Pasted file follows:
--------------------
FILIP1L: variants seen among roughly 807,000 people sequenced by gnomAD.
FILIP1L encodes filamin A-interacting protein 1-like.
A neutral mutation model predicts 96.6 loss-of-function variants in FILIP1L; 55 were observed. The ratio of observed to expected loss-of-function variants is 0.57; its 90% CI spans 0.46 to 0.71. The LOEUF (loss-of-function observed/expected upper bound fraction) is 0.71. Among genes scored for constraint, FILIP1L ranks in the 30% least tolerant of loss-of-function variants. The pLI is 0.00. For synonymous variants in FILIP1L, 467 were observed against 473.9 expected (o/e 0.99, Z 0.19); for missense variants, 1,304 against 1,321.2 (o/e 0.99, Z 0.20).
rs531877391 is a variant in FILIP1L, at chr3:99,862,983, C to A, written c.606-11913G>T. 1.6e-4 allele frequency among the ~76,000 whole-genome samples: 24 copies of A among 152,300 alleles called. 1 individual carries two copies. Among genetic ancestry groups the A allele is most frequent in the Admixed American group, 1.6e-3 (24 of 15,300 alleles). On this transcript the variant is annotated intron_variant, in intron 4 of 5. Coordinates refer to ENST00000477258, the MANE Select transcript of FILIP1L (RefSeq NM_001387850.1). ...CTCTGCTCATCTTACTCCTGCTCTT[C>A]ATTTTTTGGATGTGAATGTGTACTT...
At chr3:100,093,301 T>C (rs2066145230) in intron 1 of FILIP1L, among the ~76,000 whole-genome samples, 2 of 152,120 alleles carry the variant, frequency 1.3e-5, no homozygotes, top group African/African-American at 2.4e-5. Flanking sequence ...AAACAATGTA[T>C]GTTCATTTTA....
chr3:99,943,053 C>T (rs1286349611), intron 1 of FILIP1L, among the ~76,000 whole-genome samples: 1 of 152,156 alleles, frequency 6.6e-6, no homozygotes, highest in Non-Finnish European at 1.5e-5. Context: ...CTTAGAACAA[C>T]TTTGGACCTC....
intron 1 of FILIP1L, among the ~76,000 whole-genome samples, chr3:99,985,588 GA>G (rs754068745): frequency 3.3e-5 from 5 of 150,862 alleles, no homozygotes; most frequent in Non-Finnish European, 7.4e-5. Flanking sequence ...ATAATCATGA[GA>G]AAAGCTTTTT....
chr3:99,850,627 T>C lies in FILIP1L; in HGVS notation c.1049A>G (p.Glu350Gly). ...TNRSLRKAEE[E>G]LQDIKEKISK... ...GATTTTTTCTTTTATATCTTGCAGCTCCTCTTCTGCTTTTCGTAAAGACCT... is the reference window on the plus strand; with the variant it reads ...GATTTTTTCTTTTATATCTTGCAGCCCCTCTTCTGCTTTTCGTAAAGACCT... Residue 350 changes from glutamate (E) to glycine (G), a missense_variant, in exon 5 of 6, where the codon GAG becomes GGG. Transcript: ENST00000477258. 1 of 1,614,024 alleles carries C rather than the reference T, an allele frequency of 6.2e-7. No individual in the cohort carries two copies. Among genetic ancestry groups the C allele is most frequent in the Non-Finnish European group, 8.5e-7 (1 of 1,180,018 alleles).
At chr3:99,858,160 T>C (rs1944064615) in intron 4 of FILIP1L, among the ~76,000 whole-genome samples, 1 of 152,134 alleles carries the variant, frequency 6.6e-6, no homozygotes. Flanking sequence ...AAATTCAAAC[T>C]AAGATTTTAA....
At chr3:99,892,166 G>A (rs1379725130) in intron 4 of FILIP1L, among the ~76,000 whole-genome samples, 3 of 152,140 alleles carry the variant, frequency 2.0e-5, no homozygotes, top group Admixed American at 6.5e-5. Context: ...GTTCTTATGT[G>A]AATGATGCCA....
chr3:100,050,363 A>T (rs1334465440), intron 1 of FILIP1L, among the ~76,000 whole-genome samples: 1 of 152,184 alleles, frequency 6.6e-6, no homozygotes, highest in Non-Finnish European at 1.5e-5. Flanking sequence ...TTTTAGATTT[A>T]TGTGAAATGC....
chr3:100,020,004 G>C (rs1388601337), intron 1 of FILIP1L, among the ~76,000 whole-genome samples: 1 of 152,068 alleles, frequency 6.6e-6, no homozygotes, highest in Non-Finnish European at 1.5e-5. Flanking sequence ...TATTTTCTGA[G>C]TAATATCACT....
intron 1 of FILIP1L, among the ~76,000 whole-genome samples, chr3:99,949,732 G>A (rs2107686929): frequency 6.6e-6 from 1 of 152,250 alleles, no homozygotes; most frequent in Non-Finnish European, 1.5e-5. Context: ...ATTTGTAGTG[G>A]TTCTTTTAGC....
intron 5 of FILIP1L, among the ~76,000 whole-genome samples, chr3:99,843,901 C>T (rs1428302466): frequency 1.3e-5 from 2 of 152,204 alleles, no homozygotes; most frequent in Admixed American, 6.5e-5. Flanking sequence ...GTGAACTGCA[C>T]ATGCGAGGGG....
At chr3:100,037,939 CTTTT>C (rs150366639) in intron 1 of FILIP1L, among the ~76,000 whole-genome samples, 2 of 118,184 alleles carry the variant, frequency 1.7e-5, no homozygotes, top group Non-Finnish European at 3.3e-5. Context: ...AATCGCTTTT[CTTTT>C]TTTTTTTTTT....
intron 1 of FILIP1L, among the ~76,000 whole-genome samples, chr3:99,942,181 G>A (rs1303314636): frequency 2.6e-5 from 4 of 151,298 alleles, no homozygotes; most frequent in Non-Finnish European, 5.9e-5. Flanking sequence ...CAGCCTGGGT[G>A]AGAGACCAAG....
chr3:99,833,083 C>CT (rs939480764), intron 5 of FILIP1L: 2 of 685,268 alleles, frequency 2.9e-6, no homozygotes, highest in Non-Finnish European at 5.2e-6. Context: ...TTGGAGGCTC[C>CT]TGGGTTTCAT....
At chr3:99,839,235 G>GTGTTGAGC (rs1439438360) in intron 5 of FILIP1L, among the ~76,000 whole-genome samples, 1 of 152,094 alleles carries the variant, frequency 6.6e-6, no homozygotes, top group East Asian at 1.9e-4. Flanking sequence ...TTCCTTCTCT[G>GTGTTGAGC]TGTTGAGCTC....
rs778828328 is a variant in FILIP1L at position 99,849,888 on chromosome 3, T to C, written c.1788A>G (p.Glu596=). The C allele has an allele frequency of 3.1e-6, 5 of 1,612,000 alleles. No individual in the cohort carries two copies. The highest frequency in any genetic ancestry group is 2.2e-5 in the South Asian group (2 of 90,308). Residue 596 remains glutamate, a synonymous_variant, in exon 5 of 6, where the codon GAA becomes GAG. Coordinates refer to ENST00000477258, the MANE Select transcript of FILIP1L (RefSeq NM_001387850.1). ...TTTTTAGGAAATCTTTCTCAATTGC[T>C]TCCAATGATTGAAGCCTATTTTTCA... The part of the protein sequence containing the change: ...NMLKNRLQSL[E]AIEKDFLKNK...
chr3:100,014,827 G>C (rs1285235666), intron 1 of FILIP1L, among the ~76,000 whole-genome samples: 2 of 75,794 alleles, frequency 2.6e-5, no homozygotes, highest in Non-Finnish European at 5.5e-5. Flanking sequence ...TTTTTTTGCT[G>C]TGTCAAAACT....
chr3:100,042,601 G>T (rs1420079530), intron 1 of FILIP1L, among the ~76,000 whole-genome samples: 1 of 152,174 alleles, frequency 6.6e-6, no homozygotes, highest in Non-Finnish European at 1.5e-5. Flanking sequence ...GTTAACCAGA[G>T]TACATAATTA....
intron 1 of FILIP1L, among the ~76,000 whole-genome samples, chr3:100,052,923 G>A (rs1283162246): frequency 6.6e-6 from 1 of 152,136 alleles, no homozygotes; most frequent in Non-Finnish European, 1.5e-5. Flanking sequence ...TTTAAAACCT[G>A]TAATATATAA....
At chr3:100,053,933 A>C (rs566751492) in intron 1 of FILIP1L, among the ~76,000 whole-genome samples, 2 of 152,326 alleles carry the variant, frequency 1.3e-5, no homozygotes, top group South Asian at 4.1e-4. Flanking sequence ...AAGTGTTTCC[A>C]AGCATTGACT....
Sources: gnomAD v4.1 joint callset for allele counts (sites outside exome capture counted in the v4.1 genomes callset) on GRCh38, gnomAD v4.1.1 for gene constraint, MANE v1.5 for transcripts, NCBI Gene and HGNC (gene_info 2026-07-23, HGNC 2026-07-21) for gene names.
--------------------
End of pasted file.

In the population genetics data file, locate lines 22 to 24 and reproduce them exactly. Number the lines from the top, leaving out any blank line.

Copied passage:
intron 1 of FILIP1L, among the ~76,000 whole-genome samples, chr3:100,052,923 G>A (rs1283162246): frequency 6.6e-6 from 1 of 152,136 alleles, no homozygotes; most frequent in Non-Finnish European, 1.5e-5. Flanking sequence ...TTTAAAACCT[G>A]TAATATATAA....
At chr3:100,053,933 A>C (rs566751492) in intron 1 of FILIP1L, among the ~76,000 whole-genome samples, 2 of 152,326 alleles carry the variant, frequency 1.3e-5, no homozygotes, top group South Asian at 4.1e-4. Flanking sequence ...AAGTGTTTCC[A>C]AGCATTGACT....
Sources: gnomAD v4.1 joint callset for allele counts (sites outside exome capture counted in the v4.1 genomes callset) on GRCh38, gnomAD v4.1.1 for gene constraint, MANE v1.5 for transcripts, NCBI Gene and HGNC (gene_info 2026-07-23, HGNC 2026-07-21) for gene names.